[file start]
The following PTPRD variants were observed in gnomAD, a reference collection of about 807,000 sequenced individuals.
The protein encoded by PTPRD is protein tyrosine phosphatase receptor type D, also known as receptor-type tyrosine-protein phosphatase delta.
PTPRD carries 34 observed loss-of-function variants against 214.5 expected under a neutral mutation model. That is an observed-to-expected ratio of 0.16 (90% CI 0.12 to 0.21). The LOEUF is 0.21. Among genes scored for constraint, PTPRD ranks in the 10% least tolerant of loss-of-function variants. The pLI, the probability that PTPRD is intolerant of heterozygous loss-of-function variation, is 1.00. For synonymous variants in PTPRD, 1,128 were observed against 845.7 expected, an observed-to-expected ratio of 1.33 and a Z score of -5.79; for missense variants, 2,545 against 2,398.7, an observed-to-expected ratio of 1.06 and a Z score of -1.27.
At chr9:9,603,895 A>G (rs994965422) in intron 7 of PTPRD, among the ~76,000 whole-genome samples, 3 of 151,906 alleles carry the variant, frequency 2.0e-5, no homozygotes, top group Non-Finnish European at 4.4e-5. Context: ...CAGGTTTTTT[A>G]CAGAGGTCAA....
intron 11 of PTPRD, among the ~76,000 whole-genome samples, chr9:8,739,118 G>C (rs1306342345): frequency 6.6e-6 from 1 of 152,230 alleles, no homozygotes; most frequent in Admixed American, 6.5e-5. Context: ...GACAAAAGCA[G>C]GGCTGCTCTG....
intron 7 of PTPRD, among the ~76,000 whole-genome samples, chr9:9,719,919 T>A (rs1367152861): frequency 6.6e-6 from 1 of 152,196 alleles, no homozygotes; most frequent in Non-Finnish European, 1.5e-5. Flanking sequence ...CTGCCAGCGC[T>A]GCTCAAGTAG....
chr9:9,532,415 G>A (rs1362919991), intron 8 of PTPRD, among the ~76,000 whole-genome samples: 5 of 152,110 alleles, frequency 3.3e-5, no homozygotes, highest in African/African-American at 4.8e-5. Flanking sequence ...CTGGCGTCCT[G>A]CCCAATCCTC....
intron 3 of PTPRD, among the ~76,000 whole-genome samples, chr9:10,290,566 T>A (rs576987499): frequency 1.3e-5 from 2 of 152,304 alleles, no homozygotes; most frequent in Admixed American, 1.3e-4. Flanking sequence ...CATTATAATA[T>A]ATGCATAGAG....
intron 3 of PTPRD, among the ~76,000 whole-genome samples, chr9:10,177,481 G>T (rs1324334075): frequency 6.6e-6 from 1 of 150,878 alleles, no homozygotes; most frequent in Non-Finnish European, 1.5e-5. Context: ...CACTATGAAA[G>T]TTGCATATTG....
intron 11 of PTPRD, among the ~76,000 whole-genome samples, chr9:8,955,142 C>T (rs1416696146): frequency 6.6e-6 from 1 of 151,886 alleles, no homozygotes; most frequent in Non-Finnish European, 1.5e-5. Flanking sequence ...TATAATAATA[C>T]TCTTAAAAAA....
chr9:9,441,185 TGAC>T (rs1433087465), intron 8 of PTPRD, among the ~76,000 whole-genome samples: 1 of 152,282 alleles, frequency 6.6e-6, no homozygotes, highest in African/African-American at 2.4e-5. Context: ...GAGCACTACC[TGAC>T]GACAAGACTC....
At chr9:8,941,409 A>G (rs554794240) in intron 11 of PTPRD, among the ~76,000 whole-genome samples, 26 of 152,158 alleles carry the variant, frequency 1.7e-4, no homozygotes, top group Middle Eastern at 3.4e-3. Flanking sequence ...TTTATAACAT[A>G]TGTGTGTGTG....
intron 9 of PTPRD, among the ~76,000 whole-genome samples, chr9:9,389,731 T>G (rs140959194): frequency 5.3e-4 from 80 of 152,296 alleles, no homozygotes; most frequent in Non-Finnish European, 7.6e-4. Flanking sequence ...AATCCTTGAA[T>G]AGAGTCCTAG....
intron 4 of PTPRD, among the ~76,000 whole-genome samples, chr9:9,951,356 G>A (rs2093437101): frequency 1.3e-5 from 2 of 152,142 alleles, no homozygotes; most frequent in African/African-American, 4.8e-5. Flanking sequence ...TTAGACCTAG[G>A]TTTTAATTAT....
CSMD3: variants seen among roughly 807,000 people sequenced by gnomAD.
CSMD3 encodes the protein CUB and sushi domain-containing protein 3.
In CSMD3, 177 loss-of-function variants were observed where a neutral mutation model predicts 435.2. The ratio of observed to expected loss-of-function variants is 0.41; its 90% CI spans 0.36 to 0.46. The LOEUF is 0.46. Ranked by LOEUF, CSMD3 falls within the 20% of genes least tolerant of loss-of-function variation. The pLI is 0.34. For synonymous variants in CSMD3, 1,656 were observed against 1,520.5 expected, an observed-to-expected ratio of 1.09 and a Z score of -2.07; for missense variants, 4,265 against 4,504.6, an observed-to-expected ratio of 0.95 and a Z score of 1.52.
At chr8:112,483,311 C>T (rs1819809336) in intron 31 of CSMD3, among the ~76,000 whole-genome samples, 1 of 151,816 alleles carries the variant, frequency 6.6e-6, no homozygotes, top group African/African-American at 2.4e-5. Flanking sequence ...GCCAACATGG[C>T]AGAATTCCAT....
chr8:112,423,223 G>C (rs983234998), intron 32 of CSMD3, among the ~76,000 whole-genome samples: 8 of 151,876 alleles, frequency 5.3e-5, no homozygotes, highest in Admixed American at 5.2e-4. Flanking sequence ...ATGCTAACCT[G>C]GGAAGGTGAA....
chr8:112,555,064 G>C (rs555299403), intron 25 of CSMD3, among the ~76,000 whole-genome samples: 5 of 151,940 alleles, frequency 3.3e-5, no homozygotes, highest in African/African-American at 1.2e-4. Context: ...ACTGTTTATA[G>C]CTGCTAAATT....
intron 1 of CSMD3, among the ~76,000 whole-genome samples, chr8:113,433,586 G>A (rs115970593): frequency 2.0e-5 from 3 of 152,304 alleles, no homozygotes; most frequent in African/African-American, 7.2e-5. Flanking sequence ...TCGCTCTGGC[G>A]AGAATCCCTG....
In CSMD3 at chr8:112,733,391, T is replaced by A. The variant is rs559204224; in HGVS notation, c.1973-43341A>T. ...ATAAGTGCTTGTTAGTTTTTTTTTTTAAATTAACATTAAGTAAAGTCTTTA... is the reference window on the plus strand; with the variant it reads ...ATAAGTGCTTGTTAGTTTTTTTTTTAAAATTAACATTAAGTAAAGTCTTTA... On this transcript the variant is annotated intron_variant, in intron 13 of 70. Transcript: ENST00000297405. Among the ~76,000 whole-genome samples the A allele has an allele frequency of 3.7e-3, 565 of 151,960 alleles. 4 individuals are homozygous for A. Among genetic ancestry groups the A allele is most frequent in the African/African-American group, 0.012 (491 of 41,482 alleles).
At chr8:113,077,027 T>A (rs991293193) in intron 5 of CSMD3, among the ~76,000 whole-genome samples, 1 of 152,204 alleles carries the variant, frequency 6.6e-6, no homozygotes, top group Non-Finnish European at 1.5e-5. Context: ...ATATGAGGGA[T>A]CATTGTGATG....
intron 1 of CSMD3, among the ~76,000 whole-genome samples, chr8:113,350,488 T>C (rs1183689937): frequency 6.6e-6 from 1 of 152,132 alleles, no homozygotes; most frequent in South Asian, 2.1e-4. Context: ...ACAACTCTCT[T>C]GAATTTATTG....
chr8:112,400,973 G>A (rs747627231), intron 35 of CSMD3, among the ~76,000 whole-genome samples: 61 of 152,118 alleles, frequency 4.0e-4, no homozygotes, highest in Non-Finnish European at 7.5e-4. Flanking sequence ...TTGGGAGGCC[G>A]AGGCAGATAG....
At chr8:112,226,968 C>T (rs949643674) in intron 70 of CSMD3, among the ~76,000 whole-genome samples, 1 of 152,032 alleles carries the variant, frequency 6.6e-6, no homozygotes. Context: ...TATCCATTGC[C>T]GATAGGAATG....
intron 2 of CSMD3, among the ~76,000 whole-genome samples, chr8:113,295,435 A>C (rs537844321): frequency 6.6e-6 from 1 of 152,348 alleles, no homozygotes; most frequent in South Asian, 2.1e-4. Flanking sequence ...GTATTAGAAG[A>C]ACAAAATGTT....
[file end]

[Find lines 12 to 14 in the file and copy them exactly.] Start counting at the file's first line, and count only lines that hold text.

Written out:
At chr9:8,941,409 A>G (rs554794240) in intron 11 of PTPRD, among the ~76,000 whole-genome samples, 26 of 152,158 alleles carry the variant, frequency 1.7e-4, no homozygotes, top group Middle Eastern at 3.4e-3. Flanking sequence ...TTTATAACAT[A>G]TGTGTGTGTG....
intron 9 of PTPRD, among the ~76,000 whole-genome samples, chr9:9,389,731 T>G (rs140959194): frequency 5.3e-4 from 80 of 152,296 alleles, no homozygotes; most frequent in Non-Finnish European, 7.6e-4. Flanking sequence ...AATCCTTGAA[T>G]AGAGTCCTAG....
intron 4 of PTPRD, among the ~76,000 whole-genome samples, chr9:9,951,356 G>A (rs2093437101): frequency 1.3e-5 from 2 of 152,142 alleles, no homozygotes; most frequent in African/African-American, 4.8e-5. Flanking sequence ...TTAGACCTAG[G>A]TTTTAATTAT....